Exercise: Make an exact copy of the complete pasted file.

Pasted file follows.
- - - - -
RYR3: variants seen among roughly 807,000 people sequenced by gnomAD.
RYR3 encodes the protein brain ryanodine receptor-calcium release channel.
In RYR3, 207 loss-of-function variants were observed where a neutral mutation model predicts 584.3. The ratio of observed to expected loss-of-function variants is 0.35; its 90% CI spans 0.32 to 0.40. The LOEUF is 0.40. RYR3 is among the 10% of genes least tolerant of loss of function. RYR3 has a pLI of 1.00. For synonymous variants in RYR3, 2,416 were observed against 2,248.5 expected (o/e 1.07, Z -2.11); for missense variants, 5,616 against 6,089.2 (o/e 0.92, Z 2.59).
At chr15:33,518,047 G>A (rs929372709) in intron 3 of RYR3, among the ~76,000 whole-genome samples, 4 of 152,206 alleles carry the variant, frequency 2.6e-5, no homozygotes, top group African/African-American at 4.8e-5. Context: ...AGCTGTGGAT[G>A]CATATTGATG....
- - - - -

RYR3: variants seen among roughly 807,000 people sequenced by gnomAD.
RYR3 encodes the protein brain ryanodine receptor-calcium release channel.
In RYR3, 207 loss-of-function variants were observed where a neutral mutation model predicts 584.3. The ratio of observed to expected loss-of-function variants is 0.35; its 90% CI spans 0.32 to 0.40. The LOEUF is 0.40. RYR3 is among the 10% of genes least tolerant of loss of function. RYR3 has a pLI of 1.00. For synonymous variants in RYR3, 2,416 were observed against 2,248.5 expected (o/e 1.07, Z -2.11); for missense variants, 5,616 against 6,089.2 (o/e 0.92, Z 2.59).
At chr15:33,518,047 G>A (rs929372709) in intron 3 of RYR3, among the ~76,000 whole-genome samples, 4 of 152,206 alleles carry the variant, frequency 2.6e-5, no homozygotes, top group African/African-American at 4.8e-5. Context: ...AGCTGTGGAT[G>A]CATATTGATG....